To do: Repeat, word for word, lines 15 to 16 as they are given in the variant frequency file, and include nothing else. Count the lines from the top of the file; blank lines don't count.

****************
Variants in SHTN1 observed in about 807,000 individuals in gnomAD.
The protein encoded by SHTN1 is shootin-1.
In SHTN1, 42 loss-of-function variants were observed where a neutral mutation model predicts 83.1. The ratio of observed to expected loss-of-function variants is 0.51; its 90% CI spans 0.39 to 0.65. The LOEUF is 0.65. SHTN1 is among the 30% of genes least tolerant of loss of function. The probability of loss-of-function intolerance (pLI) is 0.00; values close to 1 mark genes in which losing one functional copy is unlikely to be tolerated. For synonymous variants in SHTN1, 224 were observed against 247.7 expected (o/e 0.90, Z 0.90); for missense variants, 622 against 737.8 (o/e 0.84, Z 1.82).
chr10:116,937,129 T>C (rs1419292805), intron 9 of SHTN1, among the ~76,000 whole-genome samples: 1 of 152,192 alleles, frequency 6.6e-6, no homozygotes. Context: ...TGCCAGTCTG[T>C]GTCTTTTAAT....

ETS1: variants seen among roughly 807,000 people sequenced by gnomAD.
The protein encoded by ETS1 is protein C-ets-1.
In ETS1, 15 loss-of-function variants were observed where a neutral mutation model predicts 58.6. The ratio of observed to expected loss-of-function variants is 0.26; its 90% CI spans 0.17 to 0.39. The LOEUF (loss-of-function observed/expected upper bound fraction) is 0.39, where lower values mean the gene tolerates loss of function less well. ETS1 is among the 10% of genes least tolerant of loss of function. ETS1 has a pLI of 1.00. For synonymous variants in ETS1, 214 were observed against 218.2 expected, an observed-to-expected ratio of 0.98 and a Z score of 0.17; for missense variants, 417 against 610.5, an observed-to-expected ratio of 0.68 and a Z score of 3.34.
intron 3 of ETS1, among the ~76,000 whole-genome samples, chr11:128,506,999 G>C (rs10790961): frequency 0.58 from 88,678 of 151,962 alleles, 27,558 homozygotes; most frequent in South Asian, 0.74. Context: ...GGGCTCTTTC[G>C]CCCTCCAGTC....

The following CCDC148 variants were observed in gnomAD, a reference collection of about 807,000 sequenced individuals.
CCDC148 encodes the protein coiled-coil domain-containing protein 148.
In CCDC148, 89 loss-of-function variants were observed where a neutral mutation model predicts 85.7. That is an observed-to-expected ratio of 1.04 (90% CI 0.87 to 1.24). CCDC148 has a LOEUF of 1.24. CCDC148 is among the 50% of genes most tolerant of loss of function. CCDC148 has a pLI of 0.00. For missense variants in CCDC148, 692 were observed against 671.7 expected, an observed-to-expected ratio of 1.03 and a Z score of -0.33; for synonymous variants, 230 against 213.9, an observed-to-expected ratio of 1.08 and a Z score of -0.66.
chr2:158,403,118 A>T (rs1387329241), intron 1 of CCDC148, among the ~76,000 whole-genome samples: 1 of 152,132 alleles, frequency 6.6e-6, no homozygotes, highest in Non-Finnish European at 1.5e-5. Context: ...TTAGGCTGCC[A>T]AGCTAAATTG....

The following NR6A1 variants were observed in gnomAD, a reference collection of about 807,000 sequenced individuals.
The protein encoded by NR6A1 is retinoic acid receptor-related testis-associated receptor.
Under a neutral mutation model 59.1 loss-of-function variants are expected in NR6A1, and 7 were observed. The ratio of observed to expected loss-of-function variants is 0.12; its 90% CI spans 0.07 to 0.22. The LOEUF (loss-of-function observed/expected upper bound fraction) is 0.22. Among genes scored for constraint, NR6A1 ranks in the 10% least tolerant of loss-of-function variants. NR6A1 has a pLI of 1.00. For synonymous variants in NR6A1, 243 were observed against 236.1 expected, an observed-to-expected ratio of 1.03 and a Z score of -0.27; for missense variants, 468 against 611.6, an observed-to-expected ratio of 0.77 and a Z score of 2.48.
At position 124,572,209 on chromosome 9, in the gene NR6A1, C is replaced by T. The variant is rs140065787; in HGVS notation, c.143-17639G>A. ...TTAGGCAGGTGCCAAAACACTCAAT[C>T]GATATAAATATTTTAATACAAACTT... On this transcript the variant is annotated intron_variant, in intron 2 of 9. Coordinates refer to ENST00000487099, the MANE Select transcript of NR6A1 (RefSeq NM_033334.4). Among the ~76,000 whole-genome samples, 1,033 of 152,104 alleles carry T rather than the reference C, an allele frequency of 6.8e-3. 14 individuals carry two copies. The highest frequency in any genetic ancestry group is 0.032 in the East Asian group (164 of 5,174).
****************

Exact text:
Under a neutral mutation model 59.1 loss-of-function variants are expected in NR6A1, and 7 were observed. The ratio of observed to expected loss-of-function variants is 0.12; its 90% CI spans 0.07 to 0.22. The LOEUF (loss-of-function observed/expected upper bound fraction) is 0.22. Among genes scored for constraint, NR6A1 ranks in the 10% least tolerant of loss-of-function variants. NR6A1 has a pLI of 1.00. For synonymous variants in NR6A1, 243 were observed against 236.1 expected, an observed-to-expected ratio of 1.03 and a Z score of -0.27; for missense variants, 468 against 611.6, an observed-to-expected ratio of 0.77 and a Z score of 2.48.
At position 124,572,209 on chromosome 9, in the gene NR6A1, C is replaced by T. The variant is rs140065787; in HGVS notation, c.143-17639G>A. ...TTAGGCAGGTGCCAAAACACTCAAT[C>T]GATATAAATATTTTAATACAAACTT... On this transcript the variant is annotated intron_variant, in intron 2 of 9. Coordinates refer to ENST00000487099, the MANE Select transcript of NR6A1 (RefSeq NM_033334.4). Among the ~76,000 whole-genome samples, 1,033 of 152,104 alleles carry T rather than the reference C, an allele frequency of 6.8e-3. 14 individuals carry two copies. The highest frequency in any genetic ancestry group is 0.032 in the East Asian group (164 of 5,174).